Sunday, 4 January 2015

A painting for two special friends.

The two life-long friends in question are Gill and Robert. A few weeks ago Robert had a 'big' birthday and Gill (his wife) commissioned me to paint a picture for her to give him. I have to say that although it was a real privilege to be asked to do this, it also felt quite a responsibility.
One of Robert's great passions is the Bluebell Railway - the UK's first preserved standard gauge passenger railway. So I knew I wanted to paint a scene somewhere along this delightful railway-line.
But which bit to paint?? In recent years the railway has managed to achieve the major ambition of linking up with the main-line station at East Grinstead so I wanted to choose a view from this 'new' section.
I finally settled on this view - and as I stood on the bridge taking a few reference photographs I was thrilled to see this train pass below.
The carriages were being pulled along by one of their best known locomotives - 'Bluebell' - perfect!!
With canvasses I like to paint around the edges so they don't need a frame. Finally as a finishing touch, I couldn't resist adding a couple of moths - a Rosy Rustic (right) and a Brick (on a brick) which represent Roberts initials - RB. Here's to very many more years of special friendship Robert and Gill.

Monday, 22 December 2014

Preparing for Christmas... 2015!

Here is just one view down 'our' Loke. A loke is a Norfolk word for a short, narrow lane which becomes a farm track that eventually leads to a dead-end. Ours fits that description with the bonus that it ends up as a fabulous footpath which includes some very fruitful hedgerows - great for foraging!
The colourful ingredients above are all collected from the loke - including Sloes, Rose Hips, Haws and Blackberries. You may notice that the berries are thawing out; this is because I have frozen them which helps to break down their structure and yield maximum juice. The pulp in the middle is my extra-special ingredient - this is what is left-over from Karen's amazing Spiced Blackberry Liqueur Syrup!! When she makes it she just lets it drain in a muslin bag without squeezing which means that the remaining pulp is still full of the yummy intense spicy Blackberry flavour.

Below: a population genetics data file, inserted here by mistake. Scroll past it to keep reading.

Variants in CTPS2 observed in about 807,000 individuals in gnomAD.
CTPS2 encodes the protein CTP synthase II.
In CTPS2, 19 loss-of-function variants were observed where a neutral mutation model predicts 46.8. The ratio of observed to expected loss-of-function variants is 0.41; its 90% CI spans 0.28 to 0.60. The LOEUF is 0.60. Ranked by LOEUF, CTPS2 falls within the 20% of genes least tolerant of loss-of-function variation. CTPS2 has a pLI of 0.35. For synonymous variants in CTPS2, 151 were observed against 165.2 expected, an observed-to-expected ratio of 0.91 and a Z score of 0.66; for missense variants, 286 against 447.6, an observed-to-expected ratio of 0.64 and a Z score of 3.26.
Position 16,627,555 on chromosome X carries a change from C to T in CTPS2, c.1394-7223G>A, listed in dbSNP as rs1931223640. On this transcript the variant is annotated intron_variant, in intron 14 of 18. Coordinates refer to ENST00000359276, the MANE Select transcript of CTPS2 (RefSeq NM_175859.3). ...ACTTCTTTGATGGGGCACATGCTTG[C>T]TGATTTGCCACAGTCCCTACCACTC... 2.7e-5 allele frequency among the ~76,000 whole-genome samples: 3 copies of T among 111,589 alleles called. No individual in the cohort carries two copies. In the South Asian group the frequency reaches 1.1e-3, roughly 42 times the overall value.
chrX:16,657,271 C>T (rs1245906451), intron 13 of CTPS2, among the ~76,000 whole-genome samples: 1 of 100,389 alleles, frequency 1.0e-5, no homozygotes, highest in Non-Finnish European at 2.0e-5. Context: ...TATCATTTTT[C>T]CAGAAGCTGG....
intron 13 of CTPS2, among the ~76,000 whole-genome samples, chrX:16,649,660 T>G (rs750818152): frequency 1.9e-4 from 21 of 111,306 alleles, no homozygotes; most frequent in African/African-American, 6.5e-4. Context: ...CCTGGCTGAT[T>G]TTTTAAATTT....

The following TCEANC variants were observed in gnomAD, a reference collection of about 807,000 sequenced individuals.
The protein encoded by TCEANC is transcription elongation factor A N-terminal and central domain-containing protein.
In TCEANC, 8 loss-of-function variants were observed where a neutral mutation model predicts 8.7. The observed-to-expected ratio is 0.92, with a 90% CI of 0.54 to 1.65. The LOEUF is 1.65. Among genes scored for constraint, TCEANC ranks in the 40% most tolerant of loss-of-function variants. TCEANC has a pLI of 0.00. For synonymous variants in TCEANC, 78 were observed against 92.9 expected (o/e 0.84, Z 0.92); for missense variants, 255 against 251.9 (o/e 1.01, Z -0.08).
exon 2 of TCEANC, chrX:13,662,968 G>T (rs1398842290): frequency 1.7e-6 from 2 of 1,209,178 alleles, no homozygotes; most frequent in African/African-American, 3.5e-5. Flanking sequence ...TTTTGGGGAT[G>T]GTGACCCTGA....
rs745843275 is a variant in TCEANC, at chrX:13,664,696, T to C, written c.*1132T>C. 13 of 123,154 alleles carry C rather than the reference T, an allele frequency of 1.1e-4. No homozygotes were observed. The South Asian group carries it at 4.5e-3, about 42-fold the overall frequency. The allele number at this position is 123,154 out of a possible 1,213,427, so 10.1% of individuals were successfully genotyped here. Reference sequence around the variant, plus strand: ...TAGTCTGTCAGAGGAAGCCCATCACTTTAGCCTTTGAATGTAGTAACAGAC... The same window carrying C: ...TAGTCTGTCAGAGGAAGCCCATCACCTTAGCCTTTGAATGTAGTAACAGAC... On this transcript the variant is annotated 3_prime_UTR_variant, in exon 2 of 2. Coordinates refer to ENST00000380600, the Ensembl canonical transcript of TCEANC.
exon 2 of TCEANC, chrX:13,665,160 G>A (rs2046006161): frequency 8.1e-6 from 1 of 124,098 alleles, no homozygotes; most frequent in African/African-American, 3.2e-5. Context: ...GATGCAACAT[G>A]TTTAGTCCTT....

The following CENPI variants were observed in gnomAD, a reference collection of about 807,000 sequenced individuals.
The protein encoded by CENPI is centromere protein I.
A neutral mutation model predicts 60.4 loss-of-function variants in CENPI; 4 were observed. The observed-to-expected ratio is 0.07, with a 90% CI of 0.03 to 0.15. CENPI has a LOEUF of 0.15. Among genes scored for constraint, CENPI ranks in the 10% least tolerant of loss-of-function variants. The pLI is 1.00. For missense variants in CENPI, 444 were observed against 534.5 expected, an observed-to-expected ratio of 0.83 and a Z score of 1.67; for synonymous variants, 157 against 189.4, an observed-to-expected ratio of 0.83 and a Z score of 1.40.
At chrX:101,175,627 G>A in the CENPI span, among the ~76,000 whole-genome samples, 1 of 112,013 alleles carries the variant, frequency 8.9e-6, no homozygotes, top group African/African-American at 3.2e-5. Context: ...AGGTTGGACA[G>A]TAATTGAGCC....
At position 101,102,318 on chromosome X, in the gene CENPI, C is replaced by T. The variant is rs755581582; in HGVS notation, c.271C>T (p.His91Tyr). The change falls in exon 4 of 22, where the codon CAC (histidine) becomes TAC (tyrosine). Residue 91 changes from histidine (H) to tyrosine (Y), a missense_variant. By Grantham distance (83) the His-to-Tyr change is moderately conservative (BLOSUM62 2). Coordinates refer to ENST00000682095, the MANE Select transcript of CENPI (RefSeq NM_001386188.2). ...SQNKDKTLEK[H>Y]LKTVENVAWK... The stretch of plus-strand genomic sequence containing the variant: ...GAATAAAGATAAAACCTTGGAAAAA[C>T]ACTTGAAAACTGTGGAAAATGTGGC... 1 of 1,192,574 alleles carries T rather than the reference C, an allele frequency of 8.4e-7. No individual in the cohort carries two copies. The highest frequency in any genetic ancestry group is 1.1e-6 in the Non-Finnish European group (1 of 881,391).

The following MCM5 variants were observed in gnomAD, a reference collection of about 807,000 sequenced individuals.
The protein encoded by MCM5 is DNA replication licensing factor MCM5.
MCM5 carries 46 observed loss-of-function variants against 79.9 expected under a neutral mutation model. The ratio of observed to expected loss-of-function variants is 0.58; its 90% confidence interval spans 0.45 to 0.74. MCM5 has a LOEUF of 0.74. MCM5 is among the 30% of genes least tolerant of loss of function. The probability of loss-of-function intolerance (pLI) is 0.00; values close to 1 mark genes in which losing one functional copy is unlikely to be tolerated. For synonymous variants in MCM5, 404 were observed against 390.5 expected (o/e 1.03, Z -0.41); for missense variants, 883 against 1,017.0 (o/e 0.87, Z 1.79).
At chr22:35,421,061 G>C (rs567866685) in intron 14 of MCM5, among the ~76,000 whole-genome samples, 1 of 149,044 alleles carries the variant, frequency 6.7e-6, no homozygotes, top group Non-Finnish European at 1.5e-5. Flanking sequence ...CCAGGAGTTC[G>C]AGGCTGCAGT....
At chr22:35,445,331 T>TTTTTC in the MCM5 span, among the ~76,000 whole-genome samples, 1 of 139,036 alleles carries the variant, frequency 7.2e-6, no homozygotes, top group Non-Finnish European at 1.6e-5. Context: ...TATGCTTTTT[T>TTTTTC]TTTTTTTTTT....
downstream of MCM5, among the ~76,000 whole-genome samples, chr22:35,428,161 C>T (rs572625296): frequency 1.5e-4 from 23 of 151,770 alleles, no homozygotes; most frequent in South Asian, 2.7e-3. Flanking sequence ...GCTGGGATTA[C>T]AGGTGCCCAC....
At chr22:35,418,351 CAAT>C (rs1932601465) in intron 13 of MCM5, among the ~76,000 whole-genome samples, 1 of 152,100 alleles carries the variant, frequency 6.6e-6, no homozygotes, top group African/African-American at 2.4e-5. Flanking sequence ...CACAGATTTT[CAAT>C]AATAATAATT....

My next task was then to pour over some boiling water and leave this to steep overnight. The following day I added sugar and yeast and left this in the brewing bucket for a further 7 or 8 days. I love the way it all takes on such a fantastic colour!
During the initial fermentation, the yeast loves plenty of oxygen, but as fermentation slows the liquid is then strained into a demijohn and air is excluded using an airlock. Above you can see that I have gathered all the remaining pulp and berries into a muslin bag...
... and used our press to extrect every last drop. This is also where the maximum flavour is produced in the creation of (little drum roll) my Spiced 'Loke' Wine :)
So what has this to do with next Christmas? Well using such fabulous ingredients it deserves to be left at least a year to mellow out before relaxing with a glass...
... and thinking of the lovely place where the fruit came from!!
Happy Christmas and I pray that as we celebrate the greatest gift of all, he will fill the lives of all my friends in 'blogland' with many blessings throughout 2015.

Wednesday, 26 November 2014

Back from a 'Blogging Sabbatical'

Firstly, I'm so sorry I haven't posted anything for most of this year - oops! It wasn't a deliberate thing and my family and I are all fine. I'm tempted to say that life has been too hectic and certainly we've had lots to do in all aspects of our family life but I think that's an easy excuse and also perhaps I just grew out of the habit a little. But I'm feeling re-invigorated now and I thought I might just do a few posts with a little look back over the year starting here with some of the more interesting harpy highlights AND... I couldn't resist putting this picture up first! Yes early this year we were graced by a very special visitor, none other than His Royal Highness The Duke of Kent!!
He seemed to thoroughly enjoy his visit and we loved the fact that he was very relaxed and 'hands-on'.
From left to right John Hoare (fellow harp maker), Dame Sarah Goad (Her Majesty's Lord Lieutenant of Surrey),  HRH the Duke of Kent, Captain James Scott-Barrett (Equerry to HRH The Duke of Kent), Councillor Beverley Connolly (Chairman of Tandridge Council), yours truly (and proud father), and Anna (my daughter playing to HRH - not bad for the CV!) .
If that wasn't enough, few weeks later we then found ourselves playing host to all the mayors of Surrey
and I'm certainly not doing the 'from left to right' thing with this picture!!! In fact it was a delight to have them and we especially liked the way they all wore their chains of office.